FORT ANN — A new site plan application for the ADK MX Racetrack on Route 149 was approved Monday night by the town Planning Board, but not before the applicant backed up and persuaded the chairman to change his vote.
In the first time around on Monday night, Jeremy Treadway, owner of the motocross track, had his proposal denied.
His modified plan included hours of operation being extended, using new testing methodology for noise, revising the length and width of the dirt track and allowing ATVs and UTVs (utility task vehicles) on the track.
The original application, which was approved in 2016, also stated fueling stations be prohibited at the track, though cans of gasoline could be sold.
Town Planning Board Chairman Don Bedeaux voted down the application because of the extended hours and fuel stipulations.
The vote was 3-2, and Treadway needed 4 yes votes.
“I don’t agree with the fuel and I don’t agree with changing the hours ... Everything else I don’t have a problem with,” Bedeaux stated firmly.
At the same time as the application was voted down, board member Richard Winchell, who also voted the application down, made a motion to table the item. That motion didn’t have a second so it didn’t carry.
Treadway retracted his requests for extended hours and selling fuel at the track and told the chairman he’d compromise if it meant passing his application.
Treadway was aiming to have his track open until 7:30 p.m., or dusk, but instead the times were approved as they were in his original application, plus being open on a Monday in case of weather cancellations and on federal holidays.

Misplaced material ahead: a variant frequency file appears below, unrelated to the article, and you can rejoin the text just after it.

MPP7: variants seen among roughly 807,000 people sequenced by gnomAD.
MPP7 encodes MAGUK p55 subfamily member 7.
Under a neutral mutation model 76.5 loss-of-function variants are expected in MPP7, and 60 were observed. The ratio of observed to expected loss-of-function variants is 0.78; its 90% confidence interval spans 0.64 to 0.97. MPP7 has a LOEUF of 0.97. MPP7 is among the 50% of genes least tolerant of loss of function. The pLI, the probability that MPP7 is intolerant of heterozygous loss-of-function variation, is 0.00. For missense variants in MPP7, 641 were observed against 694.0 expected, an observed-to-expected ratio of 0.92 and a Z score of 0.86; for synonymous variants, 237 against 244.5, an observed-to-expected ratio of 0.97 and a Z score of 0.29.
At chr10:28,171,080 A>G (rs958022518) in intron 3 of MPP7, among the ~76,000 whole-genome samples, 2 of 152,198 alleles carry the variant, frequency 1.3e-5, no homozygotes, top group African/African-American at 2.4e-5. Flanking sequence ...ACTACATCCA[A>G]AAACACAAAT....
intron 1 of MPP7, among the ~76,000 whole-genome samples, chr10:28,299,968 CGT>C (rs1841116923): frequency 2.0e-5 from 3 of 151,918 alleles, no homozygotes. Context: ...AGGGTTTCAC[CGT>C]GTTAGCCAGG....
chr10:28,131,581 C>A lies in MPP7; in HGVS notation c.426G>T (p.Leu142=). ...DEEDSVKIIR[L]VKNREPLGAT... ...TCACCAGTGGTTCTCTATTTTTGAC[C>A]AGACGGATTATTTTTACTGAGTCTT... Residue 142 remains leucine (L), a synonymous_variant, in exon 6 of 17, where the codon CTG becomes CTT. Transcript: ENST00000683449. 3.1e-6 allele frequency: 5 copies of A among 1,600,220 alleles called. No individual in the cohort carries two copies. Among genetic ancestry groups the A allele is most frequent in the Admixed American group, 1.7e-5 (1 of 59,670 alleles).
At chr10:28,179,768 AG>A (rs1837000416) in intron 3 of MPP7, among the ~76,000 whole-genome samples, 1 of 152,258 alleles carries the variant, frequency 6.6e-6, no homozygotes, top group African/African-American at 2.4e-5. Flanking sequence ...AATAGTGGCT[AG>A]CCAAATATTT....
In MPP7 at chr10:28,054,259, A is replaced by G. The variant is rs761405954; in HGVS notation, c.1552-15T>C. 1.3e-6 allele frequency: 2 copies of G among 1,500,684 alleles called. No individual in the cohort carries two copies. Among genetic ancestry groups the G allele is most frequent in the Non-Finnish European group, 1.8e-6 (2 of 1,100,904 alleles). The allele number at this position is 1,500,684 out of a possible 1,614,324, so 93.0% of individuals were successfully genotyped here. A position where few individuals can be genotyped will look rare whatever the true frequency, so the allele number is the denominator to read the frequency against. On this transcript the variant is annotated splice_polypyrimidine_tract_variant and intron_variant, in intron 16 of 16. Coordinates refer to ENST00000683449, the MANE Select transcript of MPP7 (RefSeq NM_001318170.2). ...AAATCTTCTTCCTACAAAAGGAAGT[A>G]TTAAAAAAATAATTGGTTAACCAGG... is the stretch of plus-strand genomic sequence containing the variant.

Treadway also noted that he wasn’t concerned about selling gas at his track, but sometimes visiting vendors at races sell fuel.
“If those are the two conditions, then we’ll work with that. We’ll do it,” Treadway said.
The application was passed 4-1.
“I think any time that any business goes in front of any town, there always has to be compromises, and I am completely fine with what we decided on,” Treadway said.
“Now we still have to fight the court system,” he added.
Lawyer Claudia Braymer, who represents six residents who have filed legal action against Treadway, sat front-row at the meeting with some of her clients.
Braymer said she was disappointed that the board approved the changes and she and her clients plan on challenging the board’s latest approval. She didn’t specify on how they’d challenge the Planning Board.
The residents she represents filed a preliminary injunction on Nov. 27 to prevent the Planning Board from granting a new site approval plan for the motocross track. But on Jan. 3, the judge adjourned the case to see what action the Planning Board would take first.
Because the site plan was approved, the track will be open 9 a.m. to 6 p.m. Thursday through Saturday, and Sunday from 10 a.m. to 6 p.m.
The width and length of the 4,300-foot dirt track is not as cut and dry as it was originally, Treadway explained. Because the track is always changing due to bikes being on it and dirt being kicked up, the board granted the track to stay within a certain parameter that was outlined on a map.
“It will allow for turns to be wider so it’s safer,” Treadway explained.
His motocross track will also now follow current American Motorcyclist Association standards, including for noise standards, which is 94 decibels.
Comparatively, that’s equivalent to a power lawn mower.
Another amendment made was that instead of supplying sound readings weekly, they will now be done upon request.
“It’s nice to finally be on the same standard as every other track,” Treadway said. “It will allow us to keep moving forward.”
The track will open on April 1 and operate until Oct. 31, which is two weeks longer than last year.